It wasn't by chance that Dinger gave one of his rare interviews to a Swedish magazine. Apparently Neu! and the Neu! beat were inspired a lot by a love story (actually the love of his life) Klaus Dinger had with a Swedish girl called Anita which started in the summer of 1971, to whom he also sang the last song on the album Lieber Honig (dear honey, but in German we don't usually use Honig as a term of endearment). It is one of the strangest vocal deliveries in music history. I couldn't find out what he sings (impossible to understand the words by listening only, they sound like children's gibberish). There is a later version on La Düsseldorf's last album Individuellos where the words are different. Dinger's voice on the Neu! version is hoarse and extremely high at the same time. It reminds me a little of Chet Baker singing but much less accomplished, more crude if you want. I found it hardly bearable at first listen as it is rather disembodied and false in places but I am getting used to it. At the end of Lieber Honig there is the sound of a rowing boat which can also be heard on Im Glück (In Happiness) including some people talking. One of them is Anita and the song tries to retain the moment of perfect harmony and bliss Dinger experienced in that Swedish summer in 1971. The long road trips in Sweden are probably also responsible for the Neu! beat in Hallogallo and Negativland.
The second piece Sonderangebot is a sound collage with gong sounds and features the most avantgarde noises on the record.
The outstanding track of the album for me is Negativland which later gave the name to the ironic experimental media music collective and foreshadows Einstürzende Neubauten with its drill sounds and probably the whole genre of industrial music. It is the hardest rocking song on the record.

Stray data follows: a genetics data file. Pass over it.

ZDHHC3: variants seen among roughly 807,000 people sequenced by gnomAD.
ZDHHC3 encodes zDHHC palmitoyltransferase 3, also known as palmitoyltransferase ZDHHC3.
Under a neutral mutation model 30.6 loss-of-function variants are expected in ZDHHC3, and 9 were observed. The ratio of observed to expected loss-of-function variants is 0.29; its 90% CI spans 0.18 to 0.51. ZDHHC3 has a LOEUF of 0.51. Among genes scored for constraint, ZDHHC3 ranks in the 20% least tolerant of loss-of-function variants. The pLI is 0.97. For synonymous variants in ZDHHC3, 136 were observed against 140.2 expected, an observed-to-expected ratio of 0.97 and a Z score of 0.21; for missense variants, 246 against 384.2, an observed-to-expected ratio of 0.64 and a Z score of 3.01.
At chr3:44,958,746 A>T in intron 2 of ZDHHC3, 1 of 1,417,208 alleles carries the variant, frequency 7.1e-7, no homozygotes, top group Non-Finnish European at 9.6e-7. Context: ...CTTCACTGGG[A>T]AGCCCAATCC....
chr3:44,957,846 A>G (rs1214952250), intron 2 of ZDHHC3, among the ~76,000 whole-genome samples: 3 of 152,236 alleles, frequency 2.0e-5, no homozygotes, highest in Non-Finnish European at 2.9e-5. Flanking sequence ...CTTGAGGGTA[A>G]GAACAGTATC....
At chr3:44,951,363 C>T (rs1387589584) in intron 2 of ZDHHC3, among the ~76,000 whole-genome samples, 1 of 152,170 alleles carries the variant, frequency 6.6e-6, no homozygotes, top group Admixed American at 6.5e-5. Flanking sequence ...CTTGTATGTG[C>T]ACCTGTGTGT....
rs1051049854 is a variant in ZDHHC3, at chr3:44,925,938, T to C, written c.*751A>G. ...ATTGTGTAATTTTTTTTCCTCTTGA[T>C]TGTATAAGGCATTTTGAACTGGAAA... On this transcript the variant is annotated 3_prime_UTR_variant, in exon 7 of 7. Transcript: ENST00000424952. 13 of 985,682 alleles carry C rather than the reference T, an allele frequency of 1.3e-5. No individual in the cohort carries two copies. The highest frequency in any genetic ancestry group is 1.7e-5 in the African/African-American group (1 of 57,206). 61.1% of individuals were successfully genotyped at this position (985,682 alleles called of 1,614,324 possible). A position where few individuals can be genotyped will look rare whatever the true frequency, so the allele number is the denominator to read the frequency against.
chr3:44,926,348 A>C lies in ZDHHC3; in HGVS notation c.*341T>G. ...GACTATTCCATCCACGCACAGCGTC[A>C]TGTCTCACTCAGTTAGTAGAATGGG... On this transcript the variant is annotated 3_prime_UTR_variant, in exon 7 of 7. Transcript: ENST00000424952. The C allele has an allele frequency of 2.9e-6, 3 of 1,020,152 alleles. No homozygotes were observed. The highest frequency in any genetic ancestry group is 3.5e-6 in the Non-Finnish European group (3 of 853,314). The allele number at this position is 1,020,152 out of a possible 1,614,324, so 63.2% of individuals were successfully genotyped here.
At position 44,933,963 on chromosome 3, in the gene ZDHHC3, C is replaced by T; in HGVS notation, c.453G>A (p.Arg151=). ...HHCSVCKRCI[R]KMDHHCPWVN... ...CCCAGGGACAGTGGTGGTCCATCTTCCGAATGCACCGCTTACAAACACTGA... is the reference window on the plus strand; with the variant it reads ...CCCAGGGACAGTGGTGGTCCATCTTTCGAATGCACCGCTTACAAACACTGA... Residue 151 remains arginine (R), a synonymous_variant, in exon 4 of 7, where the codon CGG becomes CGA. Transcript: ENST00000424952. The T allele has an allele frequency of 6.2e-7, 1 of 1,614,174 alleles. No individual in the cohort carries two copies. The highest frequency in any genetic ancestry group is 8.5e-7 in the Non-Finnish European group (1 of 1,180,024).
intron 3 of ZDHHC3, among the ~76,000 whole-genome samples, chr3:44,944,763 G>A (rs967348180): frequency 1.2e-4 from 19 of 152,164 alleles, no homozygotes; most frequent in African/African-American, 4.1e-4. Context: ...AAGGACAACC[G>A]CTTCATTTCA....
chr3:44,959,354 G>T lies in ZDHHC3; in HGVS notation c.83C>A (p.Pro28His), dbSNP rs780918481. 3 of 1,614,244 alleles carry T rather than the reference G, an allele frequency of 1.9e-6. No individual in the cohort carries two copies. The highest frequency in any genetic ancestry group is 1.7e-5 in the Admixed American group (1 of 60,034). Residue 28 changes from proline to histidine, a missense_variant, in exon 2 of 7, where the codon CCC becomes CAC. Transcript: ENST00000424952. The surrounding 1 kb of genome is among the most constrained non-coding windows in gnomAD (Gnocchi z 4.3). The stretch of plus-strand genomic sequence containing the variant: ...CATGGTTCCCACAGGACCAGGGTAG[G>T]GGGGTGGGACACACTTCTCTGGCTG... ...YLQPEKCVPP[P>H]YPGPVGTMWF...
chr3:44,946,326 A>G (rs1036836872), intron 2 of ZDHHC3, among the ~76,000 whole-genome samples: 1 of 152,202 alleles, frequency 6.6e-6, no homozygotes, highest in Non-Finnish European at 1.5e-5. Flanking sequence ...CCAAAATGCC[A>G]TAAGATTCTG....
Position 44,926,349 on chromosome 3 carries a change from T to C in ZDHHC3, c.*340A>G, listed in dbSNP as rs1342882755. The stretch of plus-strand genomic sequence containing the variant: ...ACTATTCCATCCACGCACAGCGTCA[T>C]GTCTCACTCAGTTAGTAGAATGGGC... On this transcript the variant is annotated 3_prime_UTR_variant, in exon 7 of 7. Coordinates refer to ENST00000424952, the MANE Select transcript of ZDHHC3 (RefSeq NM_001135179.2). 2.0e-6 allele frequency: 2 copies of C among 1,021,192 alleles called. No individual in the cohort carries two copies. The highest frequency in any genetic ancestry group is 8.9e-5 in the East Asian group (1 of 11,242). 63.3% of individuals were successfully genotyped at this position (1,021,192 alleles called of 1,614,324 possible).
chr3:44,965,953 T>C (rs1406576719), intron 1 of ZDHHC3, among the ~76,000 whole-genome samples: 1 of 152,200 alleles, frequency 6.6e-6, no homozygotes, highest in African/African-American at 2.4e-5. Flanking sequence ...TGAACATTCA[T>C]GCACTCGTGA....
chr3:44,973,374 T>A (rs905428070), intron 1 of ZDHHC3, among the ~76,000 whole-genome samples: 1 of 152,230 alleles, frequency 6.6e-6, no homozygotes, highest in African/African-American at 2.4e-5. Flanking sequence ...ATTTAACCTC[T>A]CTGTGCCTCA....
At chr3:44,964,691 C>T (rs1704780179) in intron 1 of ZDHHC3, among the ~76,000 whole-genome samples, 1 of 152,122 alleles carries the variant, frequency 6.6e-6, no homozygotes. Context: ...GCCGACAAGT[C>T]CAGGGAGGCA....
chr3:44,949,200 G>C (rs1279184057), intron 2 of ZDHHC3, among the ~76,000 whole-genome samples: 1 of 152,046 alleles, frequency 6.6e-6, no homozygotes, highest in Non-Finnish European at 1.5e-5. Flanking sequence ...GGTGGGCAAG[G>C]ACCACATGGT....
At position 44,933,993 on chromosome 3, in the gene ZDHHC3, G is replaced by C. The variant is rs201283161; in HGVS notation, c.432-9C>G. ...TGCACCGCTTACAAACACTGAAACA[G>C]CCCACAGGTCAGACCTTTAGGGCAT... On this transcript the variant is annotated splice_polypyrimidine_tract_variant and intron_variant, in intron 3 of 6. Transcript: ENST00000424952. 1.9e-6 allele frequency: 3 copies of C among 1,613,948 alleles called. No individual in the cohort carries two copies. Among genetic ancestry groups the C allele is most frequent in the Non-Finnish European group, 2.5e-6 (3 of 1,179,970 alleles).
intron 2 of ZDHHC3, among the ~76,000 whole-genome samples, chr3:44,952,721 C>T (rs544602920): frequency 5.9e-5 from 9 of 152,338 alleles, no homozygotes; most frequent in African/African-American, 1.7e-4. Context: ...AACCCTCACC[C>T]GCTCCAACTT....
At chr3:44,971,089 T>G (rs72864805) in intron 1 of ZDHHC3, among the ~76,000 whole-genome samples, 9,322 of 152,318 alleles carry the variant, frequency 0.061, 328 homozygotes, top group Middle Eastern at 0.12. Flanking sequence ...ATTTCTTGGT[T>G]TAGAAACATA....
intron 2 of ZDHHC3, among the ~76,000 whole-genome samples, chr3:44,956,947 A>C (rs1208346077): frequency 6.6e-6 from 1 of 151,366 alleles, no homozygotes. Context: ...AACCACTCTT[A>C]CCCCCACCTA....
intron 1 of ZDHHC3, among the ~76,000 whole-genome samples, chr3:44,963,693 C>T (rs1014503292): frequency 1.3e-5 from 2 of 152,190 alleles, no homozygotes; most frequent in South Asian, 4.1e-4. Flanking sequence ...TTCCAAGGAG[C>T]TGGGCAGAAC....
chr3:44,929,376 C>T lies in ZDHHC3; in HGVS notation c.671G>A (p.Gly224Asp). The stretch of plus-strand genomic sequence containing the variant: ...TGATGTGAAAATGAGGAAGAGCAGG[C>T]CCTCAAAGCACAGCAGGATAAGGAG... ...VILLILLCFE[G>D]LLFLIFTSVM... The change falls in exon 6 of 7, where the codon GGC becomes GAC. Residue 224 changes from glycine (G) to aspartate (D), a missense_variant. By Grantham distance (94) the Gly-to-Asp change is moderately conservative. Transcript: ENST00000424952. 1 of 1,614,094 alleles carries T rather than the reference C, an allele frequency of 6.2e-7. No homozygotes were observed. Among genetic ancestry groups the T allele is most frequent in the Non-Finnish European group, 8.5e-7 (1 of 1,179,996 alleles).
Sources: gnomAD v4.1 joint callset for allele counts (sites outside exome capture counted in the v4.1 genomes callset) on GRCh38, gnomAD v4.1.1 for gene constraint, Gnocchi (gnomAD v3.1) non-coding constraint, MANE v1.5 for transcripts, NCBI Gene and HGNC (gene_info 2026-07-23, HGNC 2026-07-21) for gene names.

What I like about Neu! is that they were not the typical Krautrock outfit like Amon Düül with their long stoned collective jams à la Grateful Dead or Tangerine Dream with their purely electronic soundscapes. Both these bands haven't aged well whereas Neu! as the name implies did something new. Their music is the missing link between Krautrock and what was later to come. The bridge between the then and now. They integrated an almost tribal but still modern repetitive rhythm into their music which is as fascinating now than it was then. And all songs on the first Neu! album are distinctly different and each one almost spawned a new genre of pop music.
Further reading: Junkmedia on Neu! and Neu! 2. Michael Rother interview and Music for Mind & Pants ("The Shock of the Neu!") from Perfect Sound Forever. An interesting list with Julian Cope commenting on his 50 krautrock favourites and the feature The Guitarists of Krautrock.

Meta: By the way the Google search often leading to this site finally dropped to #27, Google seems quite unstable in its results after the dance, so though I intend to move away from blogger one day this probably won't happen too soon as I am much too lazy to do a new page somewhere else. Phil Ringnalda with a round-up of Blogging Ecosystems, i.e. programs which analyse the link structures in between blogs.
In the ILM thread Plug your Blog you can find enough music blogs to read for the rest of the summer.

Wednesday, August 21, 2002

Some Google stuff
- Apparently the Google Dance is going on, that is the monthly crawl of Google. You can see this when results of identical queries on the three Google servers www, www2 and www3 are different. The new results are on www2 and www3. After about five days they appear on the Google main server www. I checked the infamous "s*x"-query for which I was #4 two months ago with the Google Dance Tool and found that my blog dropped from #16 to #23 on www2 and www3. Funny that the query for "sax", part of the new name, went up at the same time from #23 to #16. Even though I am happy about this development I would like to ask all people (and there are still 20-30 or even more) who use the anchor text "s*x and sunshine" to link to my blog, to change it to "sax and sunshine" so that I drop even further for that query. I am still using a redirect script for search engines arriving to this blog to get less dubious visitors. They are deviated to my old home page.